The heatwave gripping India has reportedly claimed hundreds of lives and is persisting in a few areas.
According to CNN, At least 1,020 people have died in the neighboring state of Andhra Pradesh, along with 11 in Odisha, taking the national toll from this heat wave to 1,371.
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The highest maximum temperature recorded on Wednesday was 47 C or 116.6 F, at Daltonganj in eastern state of Jharkhand and Titlagarh in Odisha.
Daytime temperatures were up to 7 C higher than average in coastal areas of Andhra Pradesh State, said meteorological chief B.P. Yadav. However, in coming days, temperatures in Andhra Pradesh and Telangana were expected to fall up to 2 C, he said.
Earlier this week, it got so hot in Delhi that roads started showing signs of melting. On Wednesday night, a light shower in Hyderabad brought some relief to millions who had been praying for rain.
During the day, India’s homeless try to find shelter. But in Delhi on Wednesday night, many were seen sleeping on footpaths, and on the concrete strips between roads. Even at night, when CNN’s Omar Khan took these photos, the temperature ranged from between 35 and 37 C, or 95 to 98.6 F.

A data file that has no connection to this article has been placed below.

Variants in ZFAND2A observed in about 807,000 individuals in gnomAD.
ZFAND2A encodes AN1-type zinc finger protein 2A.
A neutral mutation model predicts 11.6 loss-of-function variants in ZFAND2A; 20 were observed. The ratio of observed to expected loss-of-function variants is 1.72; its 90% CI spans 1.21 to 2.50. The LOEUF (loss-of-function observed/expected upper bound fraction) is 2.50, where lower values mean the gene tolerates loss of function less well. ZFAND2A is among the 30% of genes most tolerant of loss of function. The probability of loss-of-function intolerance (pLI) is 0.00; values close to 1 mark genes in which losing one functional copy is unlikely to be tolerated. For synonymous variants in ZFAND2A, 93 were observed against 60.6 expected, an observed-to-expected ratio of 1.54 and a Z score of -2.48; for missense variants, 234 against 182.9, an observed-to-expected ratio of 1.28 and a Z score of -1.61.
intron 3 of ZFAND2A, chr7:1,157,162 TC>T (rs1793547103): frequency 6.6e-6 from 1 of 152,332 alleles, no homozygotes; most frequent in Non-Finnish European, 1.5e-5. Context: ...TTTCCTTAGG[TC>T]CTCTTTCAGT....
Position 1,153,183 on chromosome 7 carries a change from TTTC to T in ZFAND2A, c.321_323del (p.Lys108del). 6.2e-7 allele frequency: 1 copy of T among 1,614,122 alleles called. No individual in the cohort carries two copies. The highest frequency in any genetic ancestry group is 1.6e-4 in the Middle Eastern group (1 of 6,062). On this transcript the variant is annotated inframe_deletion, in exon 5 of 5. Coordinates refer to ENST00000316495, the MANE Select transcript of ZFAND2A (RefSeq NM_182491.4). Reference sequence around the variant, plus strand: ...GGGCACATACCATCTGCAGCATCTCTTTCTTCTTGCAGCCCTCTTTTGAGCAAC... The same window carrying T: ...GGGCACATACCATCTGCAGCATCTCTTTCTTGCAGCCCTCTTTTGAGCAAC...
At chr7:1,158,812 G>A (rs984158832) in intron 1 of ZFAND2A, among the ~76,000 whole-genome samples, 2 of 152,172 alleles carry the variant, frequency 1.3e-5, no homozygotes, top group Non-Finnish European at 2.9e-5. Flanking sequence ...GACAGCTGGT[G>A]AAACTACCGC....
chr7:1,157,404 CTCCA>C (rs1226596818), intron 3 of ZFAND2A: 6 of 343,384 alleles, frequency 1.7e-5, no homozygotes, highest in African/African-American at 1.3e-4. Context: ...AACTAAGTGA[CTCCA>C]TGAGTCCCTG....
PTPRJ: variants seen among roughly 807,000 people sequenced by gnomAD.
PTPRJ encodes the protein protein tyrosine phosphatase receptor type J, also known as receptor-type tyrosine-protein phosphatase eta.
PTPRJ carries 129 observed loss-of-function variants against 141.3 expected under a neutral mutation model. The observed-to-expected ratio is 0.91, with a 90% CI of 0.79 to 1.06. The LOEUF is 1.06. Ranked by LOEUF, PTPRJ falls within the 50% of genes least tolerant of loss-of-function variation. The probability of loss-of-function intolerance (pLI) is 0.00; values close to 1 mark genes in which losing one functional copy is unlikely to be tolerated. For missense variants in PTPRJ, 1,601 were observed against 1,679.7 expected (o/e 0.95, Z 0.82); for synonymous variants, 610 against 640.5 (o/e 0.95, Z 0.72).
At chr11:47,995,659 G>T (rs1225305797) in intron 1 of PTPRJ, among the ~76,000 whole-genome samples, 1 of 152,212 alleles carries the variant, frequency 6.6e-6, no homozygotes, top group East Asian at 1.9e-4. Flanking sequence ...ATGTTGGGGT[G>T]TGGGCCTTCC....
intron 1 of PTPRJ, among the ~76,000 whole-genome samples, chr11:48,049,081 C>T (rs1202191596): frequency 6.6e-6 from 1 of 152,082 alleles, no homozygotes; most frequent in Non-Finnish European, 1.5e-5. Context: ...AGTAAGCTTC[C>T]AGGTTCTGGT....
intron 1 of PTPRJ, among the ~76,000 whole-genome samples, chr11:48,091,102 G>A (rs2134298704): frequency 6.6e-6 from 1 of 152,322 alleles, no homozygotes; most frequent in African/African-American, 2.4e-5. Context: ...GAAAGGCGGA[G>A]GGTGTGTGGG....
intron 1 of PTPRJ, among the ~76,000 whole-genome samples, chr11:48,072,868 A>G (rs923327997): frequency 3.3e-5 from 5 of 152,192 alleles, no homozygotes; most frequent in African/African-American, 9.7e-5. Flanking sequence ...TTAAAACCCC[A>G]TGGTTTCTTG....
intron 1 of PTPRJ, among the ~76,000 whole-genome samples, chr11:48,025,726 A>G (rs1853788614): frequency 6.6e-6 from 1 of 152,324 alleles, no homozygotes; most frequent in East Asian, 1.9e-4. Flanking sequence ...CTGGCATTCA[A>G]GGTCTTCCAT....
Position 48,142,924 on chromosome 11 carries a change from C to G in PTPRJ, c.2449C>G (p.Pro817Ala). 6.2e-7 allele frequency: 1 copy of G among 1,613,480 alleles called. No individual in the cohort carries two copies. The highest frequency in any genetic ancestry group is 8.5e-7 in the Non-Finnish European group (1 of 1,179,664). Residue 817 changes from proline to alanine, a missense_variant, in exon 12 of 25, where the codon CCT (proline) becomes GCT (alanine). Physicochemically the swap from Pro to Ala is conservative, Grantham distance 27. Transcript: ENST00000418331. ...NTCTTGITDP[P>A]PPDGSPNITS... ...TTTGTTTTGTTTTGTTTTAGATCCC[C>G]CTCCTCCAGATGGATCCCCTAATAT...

“This is the highest death toll due to heatwave ever in the state,” said Tulasi Rani, the special commissioner for disaster management in Andhra Pradesh. “Last year around 447 people died due to heat. This year the heatwave is continuing for a longer period than in previous years.”
According to the Guardian, local authorities across India have launched intensive awareness campaigns, asking people to stay indoors between 1pm and 4pm and advising them to wear broad-brimmed hats and light-coloured cotton clothes, use umbrellas and drink lots of fluid.
The capital’s air conditioned metro and shopping malls have become much-sought-after havens from the heat, while power cuts in residential areas were frequent as the grid struggled to cope with the demand from millions of air conditioners.
Residents of Gurgaon – a high-rise satellite city, home to many of the Delhi’s workers – experienced power cuts of up to 10 hours a day. “Nothing is working – even after taking half a dozen baths a day, you can’t beat the heat,” shop owner Manish Singh said. “It’s worse than previous years; we hardly get any electricity and the air conditioners become useless.”
May and June are India’s hottest months, with temperatures regularly pushing above 40C. But meteorologists say the number of days when temperatures approach 45C has increased in the past 15 years.
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